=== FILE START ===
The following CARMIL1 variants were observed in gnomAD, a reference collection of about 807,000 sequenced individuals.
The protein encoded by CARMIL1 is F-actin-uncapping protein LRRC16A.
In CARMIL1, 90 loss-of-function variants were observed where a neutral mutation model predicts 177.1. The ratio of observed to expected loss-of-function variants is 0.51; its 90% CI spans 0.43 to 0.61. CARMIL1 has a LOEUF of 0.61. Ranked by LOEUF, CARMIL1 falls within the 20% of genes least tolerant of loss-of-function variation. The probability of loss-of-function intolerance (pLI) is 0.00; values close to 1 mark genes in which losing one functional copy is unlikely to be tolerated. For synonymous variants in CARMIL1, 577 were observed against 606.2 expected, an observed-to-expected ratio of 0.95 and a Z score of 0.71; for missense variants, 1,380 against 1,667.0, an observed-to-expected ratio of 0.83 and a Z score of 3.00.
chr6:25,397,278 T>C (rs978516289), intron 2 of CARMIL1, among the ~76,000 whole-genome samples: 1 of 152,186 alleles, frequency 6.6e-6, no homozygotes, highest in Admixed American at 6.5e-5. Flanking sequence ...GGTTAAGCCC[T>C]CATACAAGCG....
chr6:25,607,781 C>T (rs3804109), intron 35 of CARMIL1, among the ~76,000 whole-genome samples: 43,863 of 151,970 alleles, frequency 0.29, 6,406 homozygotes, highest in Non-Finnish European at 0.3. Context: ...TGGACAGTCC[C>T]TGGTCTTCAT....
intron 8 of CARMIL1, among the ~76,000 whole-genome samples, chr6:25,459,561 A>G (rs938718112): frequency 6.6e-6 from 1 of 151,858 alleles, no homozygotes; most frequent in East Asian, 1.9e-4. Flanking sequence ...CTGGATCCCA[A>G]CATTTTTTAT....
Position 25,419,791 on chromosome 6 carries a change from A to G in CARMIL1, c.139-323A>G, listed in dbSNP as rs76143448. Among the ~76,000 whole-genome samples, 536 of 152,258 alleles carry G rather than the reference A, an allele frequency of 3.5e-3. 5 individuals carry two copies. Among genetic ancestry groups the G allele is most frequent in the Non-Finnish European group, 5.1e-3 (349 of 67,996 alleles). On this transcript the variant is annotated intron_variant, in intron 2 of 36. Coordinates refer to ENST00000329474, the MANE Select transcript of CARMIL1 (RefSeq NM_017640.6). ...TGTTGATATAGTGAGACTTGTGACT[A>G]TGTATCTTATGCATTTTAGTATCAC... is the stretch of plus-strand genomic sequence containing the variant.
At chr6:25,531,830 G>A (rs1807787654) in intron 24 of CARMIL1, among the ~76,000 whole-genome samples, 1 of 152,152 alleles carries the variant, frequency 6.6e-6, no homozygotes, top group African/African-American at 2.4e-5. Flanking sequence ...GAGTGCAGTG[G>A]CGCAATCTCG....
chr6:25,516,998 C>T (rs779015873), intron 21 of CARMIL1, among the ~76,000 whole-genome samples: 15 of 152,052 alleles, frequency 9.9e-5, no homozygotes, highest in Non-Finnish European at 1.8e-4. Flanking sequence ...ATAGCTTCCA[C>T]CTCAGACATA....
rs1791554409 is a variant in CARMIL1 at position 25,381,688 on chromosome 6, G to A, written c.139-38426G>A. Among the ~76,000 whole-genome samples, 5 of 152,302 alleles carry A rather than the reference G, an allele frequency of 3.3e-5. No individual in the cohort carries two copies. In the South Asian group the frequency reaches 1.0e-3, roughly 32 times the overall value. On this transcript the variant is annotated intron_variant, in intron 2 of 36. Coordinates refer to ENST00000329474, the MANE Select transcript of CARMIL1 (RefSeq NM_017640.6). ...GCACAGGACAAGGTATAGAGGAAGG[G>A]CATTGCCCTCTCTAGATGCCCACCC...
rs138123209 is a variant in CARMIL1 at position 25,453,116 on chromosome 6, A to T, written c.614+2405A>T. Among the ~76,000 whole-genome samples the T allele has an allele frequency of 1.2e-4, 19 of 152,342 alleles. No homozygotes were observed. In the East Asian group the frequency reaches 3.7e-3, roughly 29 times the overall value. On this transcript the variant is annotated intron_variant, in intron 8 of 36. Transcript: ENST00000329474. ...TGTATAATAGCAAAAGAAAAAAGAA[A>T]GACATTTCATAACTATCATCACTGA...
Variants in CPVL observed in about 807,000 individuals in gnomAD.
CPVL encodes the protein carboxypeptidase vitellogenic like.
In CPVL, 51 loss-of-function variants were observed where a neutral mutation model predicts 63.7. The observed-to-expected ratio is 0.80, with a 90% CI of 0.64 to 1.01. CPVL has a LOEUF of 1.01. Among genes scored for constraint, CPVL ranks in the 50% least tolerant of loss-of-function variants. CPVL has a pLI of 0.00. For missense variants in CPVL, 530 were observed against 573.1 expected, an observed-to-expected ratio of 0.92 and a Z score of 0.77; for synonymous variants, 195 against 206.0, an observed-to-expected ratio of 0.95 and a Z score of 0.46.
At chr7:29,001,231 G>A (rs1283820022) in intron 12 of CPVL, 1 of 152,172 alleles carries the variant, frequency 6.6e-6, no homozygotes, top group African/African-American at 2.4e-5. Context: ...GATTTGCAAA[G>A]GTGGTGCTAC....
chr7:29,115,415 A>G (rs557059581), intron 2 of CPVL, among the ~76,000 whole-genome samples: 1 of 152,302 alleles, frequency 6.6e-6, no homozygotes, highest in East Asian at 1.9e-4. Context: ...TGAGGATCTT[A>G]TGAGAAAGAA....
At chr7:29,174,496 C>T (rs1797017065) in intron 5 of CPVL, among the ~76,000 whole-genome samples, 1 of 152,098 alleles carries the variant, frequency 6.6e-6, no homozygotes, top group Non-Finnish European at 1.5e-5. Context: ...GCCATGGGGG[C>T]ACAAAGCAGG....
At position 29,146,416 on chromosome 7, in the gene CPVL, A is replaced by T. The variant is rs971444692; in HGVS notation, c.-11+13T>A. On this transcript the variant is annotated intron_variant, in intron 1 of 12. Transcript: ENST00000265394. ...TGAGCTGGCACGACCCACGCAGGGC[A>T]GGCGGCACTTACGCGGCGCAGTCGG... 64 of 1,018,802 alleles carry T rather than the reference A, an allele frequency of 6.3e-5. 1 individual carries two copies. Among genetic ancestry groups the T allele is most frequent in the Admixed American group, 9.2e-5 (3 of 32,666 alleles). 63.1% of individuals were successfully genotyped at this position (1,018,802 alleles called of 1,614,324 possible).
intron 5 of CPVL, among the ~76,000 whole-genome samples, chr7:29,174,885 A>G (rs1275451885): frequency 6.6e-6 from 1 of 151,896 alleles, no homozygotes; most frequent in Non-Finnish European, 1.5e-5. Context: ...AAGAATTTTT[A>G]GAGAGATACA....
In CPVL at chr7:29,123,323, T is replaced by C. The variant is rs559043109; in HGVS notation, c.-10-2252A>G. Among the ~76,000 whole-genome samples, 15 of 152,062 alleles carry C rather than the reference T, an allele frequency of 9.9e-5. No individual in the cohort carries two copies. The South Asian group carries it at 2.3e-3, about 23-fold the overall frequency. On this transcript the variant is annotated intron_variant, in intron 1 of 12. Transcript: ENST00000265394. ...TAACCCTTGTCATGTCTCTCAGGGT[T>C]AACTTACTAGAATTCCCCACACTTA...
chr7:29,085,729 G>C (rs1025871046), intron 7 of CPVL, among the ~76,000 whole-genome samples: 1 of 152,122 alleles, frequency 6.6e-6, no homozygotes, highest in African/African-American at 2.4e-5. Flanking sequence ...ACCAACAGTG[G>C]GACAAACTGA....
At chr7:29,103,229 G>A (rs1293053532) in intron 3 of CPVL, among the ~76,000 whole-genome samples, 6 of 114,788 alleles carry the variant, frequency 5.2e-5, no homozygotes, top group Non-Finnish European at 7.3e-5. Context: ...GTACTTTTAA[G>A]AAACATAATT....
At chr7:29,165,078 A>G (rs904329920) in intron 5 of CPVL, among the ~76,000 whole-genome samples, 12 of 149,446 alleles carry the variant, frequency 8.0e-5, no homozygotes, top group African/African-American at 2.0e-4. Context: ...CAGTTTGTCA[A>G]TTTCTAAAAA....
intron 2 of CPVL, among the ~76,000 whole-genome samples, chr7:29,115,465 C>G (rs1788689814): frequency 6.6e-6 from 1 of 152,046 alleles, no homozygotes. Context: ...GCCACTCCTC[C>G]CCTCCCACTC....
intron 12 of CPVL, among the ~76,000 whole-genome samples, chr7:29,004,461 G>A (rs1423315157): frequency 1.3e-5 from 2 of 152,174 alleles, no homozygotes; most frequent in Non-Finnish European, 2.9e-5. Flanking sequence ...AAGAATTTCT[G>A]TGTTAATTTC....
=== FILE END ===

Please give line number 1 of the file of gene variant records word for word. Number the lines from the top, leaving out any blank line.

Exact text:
The following CARMIL1 variants were observed in gnomAD, a reference collection of about 807,000 sequenced individuals.